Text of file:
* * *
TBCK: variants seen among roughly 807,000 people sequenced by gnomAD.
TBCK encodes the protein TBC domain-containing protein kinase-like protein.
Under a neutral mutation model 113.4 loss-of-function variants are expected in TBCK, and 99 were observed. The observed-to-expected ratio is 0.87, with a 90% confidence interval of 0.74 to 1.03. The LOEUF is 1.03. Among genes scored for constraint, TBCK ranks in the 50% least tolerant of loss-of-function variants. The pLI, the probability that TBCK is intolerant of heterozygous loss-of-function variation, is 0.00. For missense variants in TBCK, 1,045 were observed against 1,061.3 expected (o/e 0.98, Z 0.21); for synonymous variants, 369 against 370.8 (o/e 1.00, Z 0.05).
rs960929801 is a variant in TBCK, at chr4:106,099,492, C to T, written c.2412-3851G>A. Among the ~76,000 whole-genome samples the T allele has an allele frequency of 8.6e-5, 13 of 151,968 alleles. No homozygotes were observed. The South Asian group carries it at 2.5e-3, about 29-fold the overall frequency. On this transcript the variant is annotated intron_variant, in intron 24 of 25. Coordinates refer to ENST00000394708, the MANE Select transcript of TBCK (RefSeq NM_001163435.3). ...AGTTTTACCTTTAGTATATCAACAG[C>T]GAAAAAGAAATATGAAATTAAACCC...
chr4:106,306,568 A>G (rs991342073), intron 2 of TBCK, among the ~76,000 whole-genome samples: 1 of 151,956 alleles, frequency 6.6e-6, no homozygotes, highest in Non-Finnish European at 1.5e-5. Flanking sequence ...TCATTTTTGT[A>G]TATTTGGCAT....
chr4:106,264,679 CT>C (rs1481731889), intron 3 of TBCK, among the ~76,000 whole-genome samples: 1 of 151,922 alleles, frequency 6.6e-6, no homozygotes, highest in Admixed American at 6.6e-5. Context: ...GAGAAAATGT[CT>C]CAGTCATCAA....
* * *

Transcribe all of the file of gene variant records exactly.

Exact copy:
TBCK: variants seen among roughly 807,000 people sequenced by gnomAD.
TBCK encodes the protein TBC domain-containing protein kinase-like protein.
Under a neutral mutation model 113.4 loss-of-function variants are expected in TBCK, and 99 were observed. The observed-to-expected ratio is 0.87, with a 90% confidence interval of 0.74 to 1.03. The LOEUF is 1.03. Among genes scored for constraint, TBCK ranks in the 50% least tolerant of loss-of-function variants. The pLI, the probability that TBCK is intolerant of heterozygous loss-of-function variation, is 0.00. For missense variants in TBCK, 1,045 were observed against 1,061.3 expected (o/e 0.98, Z 0.21); for synonymous variants, 369 against 370.8 (o/e 1.00, Z 0.05).
rs960929801 is a variant in TBCK, at chr4:106,099,492, C to T, written c.2412-3851G>A. Among the ~76,000 whole-genome samples the T allele has an allele frequency of 8.6e-5, 13 of 151,968 alleles. No homozygotes were observed. The South Asian group carries it at 2.5e-3, about 29-fold the overall frequency. On this transcript the variant is annotated intron_variant, in intron 24 of 25. Coordinates refer to ENST00000394708, the MANE Select transcript of TBCK (RefSeq NM_001163435.3). ...AGTTTTACCTTTAGTATATCAACAG[C>T]GAAAAAGAAATATGAAATTAAACCC...
chr4:106,306,568 A>G (rs991342073), intron 2 of TBCK, among the ~76,000 whole-genome samples: 1 of 151,956 alleles, frequency 6.6e-6, no homozygotes, highest in Non-Finnish European at 1.5e-5. Flanking sequence ...TCATTTTTGT[A>G]TATTTGGCAT....
chr4:106,264,679 CT>C (rs1481731889), intron 3 of TBCK, among the ~76,000 whole-genome samples: 1 of 151,922 alleles, frequency 6.6e-6, no homozygotes, highest in Admixed American at 6.6e-5. Context: ...GAGAAAATGT[CT>C]CAGTCATCAA....